A crowd at the mainstage of L.A. Pride 2016. This year's headliners include Brandy, Chromeo and Aaron Carter.
A crowd at the mainstage of L.A. Pride 2016. This year's headliners include Brandy, Chromeo and Aaron Carter.
Hannah Verbeuren

L.A. Pride Still Has Big Headliners, but Also a More Community-Minded Attitude

"When it comes down to it, love is the centerpiece to my life," says Aaron Carter, one of the headliners for this year's L.A. Pride Festival, running June 10-11 at West Hollywood Park. "I think a lot of people can relate to the ups and downs of love."

This intense feeling of affection not only acts as a throughline for Carter's newest EP, the aptly titled LoVe, but also serves an unofficial theme for L.A. Pride 2017. This year's LGBT event, which commemorates the historic Stonewall Riots of 1969, is markedly more harmonious than last year's, when a coalition of queer community members, rallied under the mantle #NotOurPride, threatened to boycott the festivities. Their grievances included the decision by Christopher Street West, the organization behind L.A. Pride, to rebrand the event as a millennial-focused music festival at the alleged expense of older community members, as well as an increase in ticket prices and abbreviated lesbian and trans events.

"Last year, a group of community leaders made their concerns known and we heard them," Chris Classen, president of CSW, told L.A. Weekly via email. "Well in advance of this year’s planning, CSW has actively engaged these members, along with diverse, active volunteers to address previous issues, and create what is going to be a stellar Pride celebration for 2017."

Embracing the fierce female spectrum of the LGBT rainbow, pre-Pride festivities kick off on Tuesday, June 6, with the Women's Party at Staples Center hosted by WNBA champs the Los Angeles Sparks. Girl power is the focus again on Friday, June 9, when the annual Dyke March takes a lap around Santa Monica Boulevard, which will be immediately followed by the Trans* Party (yes, the asterisk is intentional) in West Hollywood Park. Even sober queer community members can find a safe sanctuary in which to socialize at #Sizzle, an alcohol-free oasis amid this LGBT bacchanal.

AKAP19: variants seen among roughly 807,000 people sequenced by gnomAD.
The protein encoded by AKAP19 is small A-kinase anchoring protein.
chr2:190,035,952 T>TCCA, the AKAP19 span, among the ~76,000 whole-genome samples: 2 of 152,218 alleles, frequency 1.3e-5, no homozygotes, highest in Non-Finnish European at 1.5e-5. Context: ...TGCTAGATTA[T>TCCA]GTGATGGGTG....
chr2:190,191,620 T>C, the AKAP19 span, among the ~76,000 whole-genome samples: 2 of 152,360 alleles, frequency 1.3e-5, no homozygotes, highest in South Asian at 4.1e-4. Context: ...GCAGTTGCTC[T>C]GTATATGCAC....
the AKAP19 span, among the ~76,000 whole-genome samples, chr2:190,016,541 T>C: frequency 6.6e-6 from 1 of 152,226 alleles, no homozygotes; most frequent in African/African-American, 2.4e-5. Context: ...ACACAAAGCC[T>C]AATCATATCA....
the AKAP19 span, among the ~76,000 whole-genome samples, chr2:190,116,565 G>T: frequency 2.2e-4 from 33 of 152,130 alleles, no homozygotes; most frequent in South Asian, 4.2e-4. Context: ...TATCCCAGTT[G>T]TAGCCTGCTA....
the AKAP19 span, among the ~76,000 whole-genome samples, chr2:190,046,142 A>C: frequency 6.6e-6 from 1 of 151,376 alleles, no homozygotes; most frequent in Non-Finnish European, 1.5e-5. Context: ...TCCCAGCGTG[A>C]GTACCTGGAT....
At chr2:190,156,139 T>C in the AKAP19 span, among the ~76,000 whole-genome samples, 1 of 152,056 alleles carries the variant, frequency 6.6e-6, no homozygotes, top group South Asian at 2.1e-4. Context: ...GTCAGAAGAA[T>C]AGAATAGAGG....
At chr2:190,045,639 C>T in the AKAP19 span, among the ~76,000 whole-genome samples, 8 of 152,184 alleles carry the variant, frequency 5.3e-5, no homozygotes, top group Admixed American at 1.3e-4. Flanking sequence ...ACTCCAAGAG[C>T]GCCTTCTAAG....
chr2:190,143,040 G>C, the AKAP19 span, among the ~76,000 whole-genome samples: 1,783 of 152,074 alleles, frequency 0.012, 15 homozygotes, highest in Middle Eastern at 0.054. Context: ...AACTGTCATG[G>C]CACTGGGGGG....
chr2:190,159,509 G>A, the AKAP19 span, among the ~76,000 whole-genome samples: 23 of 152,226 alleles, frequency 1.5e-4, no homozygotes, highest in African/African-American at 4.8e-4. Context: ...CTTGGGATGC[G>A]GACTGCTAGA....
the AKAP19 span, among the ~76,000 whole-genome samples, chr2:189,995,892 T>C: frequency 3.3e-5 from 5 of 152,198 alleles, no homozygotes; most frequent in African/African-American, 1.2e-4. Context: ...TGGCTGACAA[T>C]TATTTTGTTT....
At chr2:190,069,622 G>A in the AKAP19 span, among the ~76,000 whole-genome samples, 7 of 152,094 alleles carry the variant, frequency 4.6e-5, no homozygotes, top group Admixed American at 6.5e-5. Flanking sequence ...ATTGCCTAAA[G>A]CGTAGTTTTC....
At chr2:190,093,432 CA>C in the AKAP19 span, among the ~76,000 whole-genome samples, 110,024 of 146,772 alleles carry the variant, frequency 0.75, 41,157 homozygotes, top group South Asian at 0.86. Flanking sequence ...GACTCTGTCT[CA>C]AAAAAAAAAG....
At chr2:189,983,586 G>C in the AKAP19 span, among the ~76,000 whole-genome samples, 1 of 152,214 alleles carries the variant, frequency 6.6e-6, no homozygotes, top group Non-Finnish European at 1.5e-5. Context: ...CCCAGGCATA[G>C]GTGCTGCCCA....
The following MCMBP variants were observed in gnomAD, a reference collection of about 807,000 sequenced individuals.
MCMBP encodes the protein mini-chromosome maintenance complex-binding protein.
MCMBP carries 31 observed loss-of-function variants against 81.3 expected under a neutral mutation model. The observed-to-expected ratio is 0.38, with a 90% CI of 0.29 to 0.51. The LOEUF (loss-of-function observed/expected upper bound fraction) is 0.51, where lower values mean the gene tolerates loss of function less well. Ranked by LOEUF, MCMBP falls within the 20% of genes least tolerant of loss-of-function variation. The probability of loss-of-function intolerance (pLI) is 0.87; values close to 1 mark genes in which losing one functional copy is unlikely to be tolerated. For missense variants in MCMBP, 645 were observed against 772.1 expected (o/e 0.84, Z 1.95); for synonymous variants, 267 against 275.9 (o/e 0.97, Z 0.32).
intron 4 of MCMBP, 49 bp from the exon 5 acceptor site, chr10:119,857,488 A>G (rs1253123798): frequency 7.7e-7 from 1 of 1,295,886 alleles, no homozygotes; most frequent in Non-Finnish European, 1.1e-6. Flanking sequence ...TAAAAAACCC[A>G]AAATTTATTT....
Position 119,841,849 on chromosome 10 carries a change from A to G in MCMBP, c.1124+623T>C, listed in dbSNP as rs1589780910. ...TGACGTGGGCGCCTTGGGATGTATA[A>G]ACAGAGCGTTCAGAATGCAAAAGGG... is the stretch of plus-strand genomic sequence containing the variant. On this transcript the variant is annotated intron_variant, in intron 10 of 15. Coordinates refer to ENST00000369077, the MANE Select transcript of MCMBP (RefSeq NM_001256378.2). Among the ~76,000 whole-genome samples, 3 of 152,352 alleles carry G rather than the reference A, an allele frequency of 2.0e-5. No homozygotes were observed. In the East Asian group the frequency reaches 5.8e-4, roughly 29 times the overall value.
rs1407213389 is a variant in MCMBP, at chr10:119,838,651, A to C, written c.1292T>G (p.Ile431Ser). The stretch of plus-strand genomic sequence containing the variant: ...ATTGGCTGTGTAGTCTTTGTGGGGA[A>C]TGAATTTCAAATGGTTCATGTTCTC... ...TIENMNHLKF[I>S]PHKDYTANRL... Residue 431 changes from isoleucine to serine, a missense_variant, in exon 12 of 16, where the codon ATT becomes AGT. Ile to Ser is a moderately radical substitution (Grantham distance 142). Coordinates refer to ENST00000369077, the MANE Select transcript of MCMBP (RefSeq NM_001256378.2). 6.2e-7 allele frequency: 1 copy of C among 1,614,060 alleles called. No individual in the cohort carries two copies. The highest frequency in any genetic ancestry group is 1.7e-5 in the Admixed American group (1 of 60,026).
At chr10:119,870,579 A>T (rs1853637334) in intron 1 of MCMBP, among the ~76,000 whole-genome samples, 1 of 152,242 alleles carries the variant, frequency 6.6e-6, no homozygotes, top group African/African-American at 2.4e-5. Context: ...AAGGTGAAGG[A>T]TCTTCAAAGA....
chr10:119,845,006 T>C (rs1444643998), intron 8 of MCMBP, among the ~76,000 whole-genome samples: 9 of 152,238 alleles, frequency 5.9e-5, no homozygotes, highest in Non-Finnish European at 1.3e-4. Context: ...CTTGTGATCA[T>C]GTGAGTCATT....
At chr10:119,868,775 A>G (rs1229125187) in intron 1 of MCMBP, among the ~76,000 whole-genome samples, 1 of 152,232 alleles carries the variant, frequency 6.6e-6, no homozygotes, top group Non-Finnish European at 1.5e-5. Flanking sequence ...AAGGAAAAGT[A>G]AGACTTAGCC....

"I am so proud of what #NotOurPride accomplished," Peter Cruz, spokesman for the #NotOurPride coalition, writes via email. "As a result of our work, the city of West Hollywood convened two community forums for community members to give feedback on last year’s event and offer suggestions on how to improve future festivals. Also, the fact that CSW has refrained from marketing this year’s event as a music festival, festival ticket prices are lower than last year’s prices (though they could still go lower) ... and this year’s Friday night trans and lesbian celebrations will remain as free community events are, in my opinion, direct results of #NotOurPride’s advocacy."